Catches win matches

Dropped Catch


by Kevin Keys

Catches win matches

Good catching ability is vital for young cricketers. Note that you do not have to always practise catching with a cricket ball. Tennis balls are excellent for developing the skill of “soft hands”. If your hands are too “hard” a tennis ball will bounce out. Using a softball and a softball mitt are also good practice as they lessen the risk of finger injuries.

Remember, that each catch you put down effectively increases the number of players against you. You need to get 10 wickets to dismiss a team, don’t make it 15 by dropping five catches.


Use both hands

Always attempt to get two hands to the ball. Never catch with one hand unless it is absolutely necessary. The greater the surface area available to grip the ball increases the chances of making a successful catch.


Crossing the pitch

If you must cross the pitch between overs, do so right in the middle, where the ball does not usually pitch, to avoid causing damage that may affect the batters.


Fielder’s appeals

It is unsporting for any fielder to appeal if he is in no position to judge. Mid-wicket might be quite justified in appealing for a run-out or a stumping but is in no position to appeal for a leg-before-wicket or a finely-edged catch to the wicket-keeper. Likewise, a slip fielder has no right to scream out an appeal for a close run-out at the bowler’s end. When any member of the fielding team appeals, he is in effect saying to the umpire – “I really think, because I am in a good position to see, that the batter is out. Do you agree with me?”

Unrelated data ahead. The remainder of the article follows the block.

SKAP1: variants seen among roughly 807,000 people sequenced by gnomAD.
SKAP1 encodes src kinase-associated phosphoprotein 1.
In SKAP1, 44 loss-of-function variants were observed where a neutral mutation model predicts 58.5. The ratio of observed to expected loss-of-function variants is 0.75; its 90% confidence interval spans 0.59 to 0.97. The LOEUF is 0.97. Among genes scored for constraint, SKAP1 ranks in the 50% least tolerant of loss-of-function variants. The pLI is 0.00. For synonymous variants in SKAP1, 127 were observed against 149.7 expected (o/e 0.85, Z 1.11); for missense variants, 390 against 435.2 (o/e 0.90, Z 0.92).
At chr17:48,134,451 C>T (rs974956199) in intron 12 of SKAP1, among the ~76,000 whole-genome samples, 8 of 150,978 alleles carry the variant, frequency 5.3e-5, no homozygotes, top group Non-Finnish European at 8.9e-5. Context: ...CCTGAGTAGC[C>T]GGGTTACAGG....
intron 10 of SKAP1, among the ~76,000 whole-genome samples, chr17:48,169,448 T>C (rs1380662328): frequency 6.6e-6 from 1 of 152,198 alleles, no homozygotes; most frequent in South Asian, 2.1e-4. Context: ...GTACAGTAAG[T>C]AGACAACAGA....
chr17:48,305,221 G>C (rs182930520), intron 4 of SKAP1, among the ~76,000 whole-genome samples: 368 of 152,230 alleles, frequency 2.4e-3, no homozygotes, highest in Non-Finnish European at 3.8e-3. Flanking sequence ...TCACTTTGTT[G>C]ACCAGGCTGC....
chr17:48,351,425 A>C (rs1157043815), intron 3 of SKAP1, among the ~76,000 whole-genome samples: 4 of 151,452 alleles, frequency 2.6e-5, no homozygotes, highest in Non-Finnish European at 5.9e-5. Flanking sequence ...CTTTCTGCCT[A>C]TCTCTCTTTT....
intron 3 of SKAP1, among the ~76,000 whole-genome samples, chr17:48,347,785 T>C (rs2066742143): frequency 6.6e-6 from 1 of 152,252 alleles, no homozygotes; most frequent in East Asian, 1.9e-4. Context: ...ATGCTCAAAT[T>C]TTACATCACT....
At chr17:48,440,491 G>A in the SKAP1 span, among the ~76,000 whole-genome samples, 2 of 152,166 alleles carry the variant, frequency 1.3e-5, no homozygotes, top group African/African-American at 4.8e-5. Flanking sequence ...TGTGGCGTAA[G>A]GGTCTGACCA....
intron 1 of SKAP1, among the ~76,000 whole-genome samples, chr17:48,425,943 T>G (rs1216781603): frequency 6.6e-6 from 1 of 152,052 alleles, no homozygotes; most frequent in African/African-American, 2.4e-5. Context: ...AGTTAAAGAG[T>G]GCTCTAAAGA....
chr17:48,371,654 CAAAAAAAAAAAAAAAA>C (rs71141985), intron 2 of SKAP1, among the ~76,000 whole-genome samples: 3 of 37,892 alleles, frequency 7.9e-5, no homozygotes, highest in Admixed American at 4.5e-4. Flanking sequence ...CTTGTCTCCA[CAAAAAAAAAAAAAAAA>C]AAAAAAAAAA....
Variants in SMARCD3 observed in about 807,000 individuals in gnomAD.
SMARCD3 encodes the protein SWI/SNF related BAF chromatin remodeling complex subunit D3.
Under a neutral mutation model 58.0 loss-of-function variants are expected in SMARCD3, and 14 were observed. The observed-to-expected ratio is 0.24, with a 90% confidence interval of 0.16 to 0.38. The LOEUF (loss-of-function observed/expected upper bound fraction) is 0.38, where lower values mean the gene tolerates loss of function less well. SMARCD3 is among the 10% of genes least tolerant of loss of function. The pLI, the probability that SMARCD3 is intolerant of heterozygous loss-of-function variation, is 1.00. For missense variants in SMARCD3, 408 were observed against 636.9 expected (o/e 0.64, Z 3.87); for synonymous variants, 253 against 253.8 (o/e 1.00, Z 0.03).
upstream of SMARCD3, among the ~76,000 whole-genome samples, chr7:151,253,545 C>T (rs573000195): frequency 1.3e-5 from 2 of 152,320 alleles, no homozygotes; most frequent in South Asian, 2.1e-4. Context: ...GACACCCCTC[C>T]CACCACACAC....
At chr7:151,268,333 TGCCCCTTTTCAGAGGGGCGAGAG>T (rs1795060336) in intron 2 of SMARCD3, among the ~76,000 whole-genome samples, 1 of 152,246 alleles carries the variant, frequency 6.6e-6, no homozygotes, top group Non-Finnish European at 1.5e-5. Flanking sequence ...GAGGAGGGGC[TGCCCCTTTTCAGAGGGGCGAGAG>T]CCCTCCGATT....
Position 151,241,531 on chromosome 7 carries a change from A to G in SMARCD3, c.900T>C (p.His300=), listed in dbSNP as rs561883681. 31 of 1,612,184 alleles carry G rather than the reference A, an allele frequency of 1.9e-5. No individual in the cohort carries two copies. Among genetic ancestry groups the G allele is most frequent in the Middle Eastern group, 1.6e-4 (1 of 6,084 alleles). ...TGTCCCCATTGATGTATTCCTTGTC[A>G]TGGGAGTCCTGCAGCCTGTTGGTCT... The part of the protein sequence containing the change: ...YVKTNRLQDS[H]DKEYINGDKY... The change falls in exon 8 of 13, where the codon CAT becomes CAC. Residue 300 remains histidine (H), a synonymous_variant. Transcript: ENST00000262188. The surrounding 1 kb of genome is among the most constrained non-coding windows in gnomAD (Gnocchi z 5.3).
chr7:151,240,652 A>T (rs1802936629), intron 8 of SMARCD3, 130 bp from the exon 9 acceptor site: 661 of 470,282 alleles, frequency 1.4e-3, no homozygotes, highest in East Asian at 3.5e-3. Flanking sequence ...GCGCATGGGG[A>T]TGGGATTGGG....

Avoid the half-volley throw

Full-tosses and long-hops are equally easy for the wicket-keeper, but do not throw him, or especially the bowler, any half-volleys. No fielder wishes to bend unnecessarily, least of all the bowler who needs to be kept as fresh as possible. Half-volleys are easy to drop, even if they don’t result in over-throws, and make the fielding side look most untidy. They can also cause injury, especially to fingers and shins, if not cleanly caught.


Hide your throwing arm from the batter

An experienced batter will quickly try and assess the foot speed and throwing capabilities of each outfielder. This needs to become a battle of wits between you and the batter. If you use the power of your throwing arm and your speed of foot only when absolutely necessary, you may trick the batter into taking a risky run which ends in a run-out for your team.



Be careful not to give away any unnecessary overthrows by hurling the ball at the stumps just because the batter is out of his crease. Many a batter will bait you into having just such a “brain explosion”. So few of these throws result in run-outs, and so many in overthrows, that it is generally not worth the risk. So many quick singles turn into fives through this ill-discipline on the part of the fielder.